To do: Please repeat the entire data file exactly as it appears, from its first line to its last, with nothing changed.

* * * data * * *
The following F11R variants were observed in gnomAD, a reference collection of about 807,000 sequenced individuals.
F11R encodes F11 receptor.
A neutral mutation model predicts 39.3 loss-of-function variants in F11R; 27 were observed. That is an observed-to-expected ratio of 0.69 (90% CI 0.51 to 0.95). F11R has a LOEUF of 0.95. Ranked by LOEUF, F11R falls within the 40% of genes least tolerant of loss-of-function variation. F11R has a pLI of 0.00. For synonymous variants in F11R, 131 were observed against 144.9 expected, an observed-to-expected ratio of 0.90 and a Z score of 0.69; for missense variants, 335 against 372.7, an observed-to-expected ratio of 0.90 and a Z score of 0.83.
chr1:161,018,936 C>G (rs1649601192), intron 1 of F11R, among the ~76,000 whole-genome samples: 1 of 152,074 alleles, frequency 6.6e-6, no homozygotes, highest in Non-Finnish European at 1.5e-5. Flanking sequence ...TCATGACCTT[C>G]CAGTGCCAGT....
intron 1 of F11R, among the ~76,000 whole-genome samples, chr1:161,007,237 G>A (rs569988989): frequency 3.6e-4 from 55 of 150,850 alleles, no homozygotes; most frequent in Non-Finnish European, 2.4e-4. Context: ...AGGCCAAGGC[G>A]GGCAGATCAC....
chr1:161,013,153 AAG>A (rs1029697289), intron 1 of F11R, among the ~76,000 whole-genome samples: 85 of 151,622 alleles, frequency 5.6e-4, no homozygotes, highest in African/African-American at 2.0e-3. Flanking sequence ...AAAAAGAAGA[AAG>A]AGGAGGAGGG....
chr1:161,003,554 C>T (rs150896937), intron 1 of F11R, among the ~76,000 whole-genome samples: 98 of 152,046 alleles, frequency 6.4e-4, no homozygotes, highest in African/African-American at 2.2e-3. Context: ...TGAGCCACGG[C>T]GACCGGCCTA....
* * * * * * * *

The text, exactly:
The following F11R variants were observed in gnomAD, a reference collection of about 807,000 sequenced individuals.
F11R encodes F11 receptor.
A neutral mutation model predicts 39.3 loss-of-function variants in F11R; 27 were observed. That is an observed-to-expected ratio of 0.69 (90% CI 0.51 to 0.95). F11R has a LOEUF of 0.95. Ranked by LOEUF, F11R falls within the 40% of genes least tolerant of loss-of-function variation. F11R has a pLI of 0.00. For synonymous variants in F11R, 131 were observed against 144.9 expected, an observed-to-expected ratio of 0.90 and a Z score of 0.69; for missense variants, 335 against 372.7, an observed-to-expected ratio of 0.90 and a Z score of 0.83.
chr1:161,018,936 C>G (rs1649601192), intron 1 of F11R, among the ~76,000 whole-genome samples: 1 of 152,074 alleles, frequency 6.6e-6, no homozygotes, highest in Non-Finnish European at 1.5e-5. Flanking sequence ...TCATGACCTT[C>G]CAGTGCCAGT....
intron 1 of F11R, among the ~76,000 whole-genome samples, chr1:161,007,237 G>A (rs569988989): frequency 3.6e-4 from 55 of 150,850 alleles, no homozygotes; most frequent in Non-Finnish European, 2.4e-4. Context: ...AGGCCAAGGC[G>A]GGCAGATCAC....
chr1:161,013,153 AAG>A (rs1029697289), intron 1 of F11R, among the ~76,000 whole-genome samples: 85 of 151,622 alleles, frequency 5.6e-4, no homozygotes, highest in African/African-American at 2.0e-3. Flanking sequence ...AAAAAGAAGA[AAG>A]AGGAGGAGGG....
chr1:161,003,554 C>T (rs150896937), intron 1 of F11R, among the ~76,000 whole-genome samples: 98 of 152,046 alleles, frequency 6.4e-4, no homozygotes, highest in African/African-American at 2.2e-3. Context: ...TGAGCCACGG[C>T]GACCGGCCTA....